President Uhuru Kenyatta has urged the Ethiopian government to adopt mobile money transfer methods as its economy undergoes digital transformation.
Speaking during the award ceremony of the telecommunications license to the global partnership for Ethiopia consortium in Addis Ababa today, President Uhuru said if fully exploited, mobile money (M-Pesa) will improve the living standards of people.
“I am hopeful that your government will consider, in the near future, opening up the opportunity for mobile money in Ethiopia. This move will be particularly timely, as it will offer the millions of Ethiopian people avenues for financial inclusion,” President Uhuru said in his address.
Ethiopia’s telecommunications regulator awarded an operating licence to a consortium led by Kenya’s Safaricom and Japan’s Sumitomo.
The Head of State also said the Consortium plans to inject more than Sh800 billion into the Ethiopian economy over the next ten years, which he says is the largest single investment that Ethiopia has attracted.
“Indications are that by opening your economy to Safaricom and its Consortium members, Ethiopia will, in the short and medium-term, add no less than 1.5 million jobs,” he went on.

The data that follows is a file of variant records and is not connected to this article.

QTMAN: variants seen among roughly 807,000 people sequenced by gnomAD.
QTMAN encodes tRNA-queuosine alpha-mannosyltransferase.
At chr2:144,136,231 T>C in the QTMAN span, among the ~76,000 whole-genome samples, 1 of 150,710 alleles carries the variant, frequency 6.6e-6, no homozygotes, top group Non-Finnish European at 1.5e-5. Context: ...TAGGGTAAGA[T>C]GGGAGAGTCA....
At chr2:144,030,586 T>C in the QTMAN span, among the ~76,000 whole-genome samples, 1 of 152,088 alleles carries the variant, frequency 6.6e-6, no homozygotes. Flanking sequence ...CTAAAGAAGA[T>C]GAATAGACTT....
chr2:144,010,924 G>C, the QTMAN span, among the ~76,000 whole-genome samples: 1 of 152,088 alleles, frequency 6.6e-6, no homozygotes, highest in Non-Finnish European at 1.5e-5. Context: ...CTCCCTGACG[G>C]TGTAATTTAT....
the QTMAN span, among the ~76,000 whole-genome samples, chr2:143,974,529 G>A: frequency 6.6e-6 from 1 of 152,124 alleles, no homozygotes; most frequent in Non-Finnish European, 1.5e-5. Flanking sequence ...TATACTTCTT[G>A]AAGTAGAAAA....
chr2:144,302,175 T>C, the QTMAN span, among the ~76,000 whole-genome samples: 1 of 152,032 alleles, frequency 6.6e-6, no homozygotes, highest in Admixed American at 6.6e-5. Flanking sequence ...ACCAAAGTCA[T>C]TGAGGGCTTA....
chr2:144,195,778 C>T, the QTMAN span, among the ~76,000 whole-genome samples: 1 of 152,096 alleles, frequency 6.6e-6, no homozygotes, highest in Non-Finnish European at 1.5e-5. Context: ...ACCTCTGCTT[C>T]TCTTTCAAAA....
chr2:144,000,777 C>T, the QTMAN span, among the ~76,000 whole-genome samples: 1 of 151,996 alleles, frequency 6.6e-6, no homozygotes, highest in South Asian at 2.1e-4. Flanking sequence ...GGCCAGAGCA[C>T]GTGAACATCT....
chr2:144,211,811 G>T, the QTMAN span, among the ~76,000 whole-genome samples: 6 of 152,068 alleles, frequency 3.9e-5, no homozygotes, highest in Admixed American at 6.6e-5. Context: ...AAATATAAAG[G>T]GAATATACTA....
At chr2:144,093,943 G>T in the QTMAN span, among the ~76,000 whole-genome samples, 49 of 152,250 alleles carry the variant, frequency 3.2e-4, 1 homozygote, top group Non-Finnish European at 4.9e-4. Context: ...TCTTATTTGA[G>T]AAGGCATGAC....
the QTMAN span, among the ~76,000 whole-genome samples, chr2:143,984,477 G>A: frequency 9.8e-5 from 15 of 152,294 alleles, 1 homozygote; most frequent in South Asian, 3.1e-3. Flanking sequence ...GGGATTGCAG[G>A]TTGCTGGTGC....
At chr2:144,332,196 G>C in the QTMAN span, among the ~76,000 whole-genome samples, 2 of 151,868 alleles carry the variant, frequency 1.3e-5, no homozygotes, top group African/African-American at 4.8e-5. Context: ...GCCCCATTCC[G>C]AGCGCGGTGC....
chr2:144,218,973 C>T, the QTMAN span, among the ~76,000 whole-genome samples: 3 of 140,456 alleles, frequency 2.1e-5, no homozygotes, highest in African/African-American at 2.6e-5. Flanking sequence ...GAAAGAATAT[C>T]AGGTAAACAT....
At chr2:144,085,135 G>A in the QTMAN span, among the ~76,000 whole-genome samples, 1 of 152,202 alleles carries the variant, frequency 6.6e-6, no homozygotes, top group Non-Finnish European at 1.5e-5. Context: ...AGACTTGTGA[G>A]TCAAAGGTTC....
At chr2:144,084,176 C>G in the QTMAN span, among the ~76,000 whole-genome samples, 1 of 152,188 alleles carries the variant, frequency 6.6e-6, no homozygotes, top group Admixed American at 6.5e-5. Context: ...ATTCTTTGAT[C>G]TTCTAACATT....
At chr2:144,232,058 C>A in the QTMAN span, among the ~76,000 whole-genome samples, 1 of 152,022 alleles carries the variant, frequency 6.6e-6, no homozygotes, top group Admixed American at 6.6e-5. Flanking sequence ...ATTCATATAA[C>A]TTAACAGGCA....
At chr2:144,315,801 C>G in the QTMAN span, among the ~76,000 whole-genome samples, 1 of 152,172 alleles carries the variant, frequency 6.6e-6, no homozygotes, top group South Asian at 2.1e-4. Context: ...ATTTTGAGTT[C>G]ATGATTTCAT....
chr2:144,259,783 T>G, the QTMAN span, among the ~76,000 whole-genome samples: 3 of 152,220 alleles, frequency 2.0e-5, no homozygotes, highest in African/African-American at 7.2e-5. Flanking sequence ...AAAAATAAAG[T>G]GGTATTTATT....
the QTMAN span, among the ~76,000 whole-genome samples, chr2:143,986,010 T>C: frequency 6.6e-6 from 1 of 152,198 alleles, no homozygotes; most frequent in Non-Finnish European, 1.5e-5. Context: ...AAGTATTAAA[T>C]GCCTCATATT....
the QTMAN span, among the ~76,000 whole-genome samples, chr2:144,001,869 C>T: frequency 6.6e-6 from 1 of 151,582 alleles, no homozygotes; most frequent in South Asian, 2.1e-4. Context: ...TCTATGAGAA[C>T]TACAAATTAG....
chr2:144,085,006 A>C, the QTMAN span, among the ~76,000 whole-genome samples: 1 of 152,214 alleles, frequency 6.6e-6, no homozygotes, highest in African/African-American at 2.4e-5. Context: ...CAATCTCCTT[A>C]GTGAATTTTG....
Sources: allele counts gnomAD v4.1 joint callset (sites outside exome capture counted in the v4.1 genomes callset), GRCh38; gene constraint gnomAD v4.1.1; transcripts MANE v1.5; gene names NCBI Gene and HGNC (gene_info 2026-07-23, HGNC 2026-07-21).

The president added that M-Pesa, an invention by Safaricom a decade ago, had enabled easier and safer saving methods, therefore, improving the people’s financial discipline.
“Right from the villages to the cities, financial services have been made possible by mobile financial platform,” the president said.
According to the president, the event marked the beginning of stronger ties between Kenya and Ethiopia.
This is after Ethiopian President Dr Abiy Ahmed committed to opening up the Moyale border and growing it into an economic hub for East Africa.
“The digital transformation that is expected to arise from this investment will be a game-changer for all segments of the Ethiopian economy,” he went on.
The licence award means Safaricom can now tap into the lucrative Ethiopian market after the country awarded an operating licence to a consortium that is led by the Kenyan telco.
This paves the way for the company’s expansion into Ethiopia, which has massive opportunities for growth owing to its over 112 million population.
According to earlier reports, the consortium, which includes Safaricom’s parent companies Vodacom and Vodafone, and the British development finance agency CDC Group paid Sh91.9 billion for the licence.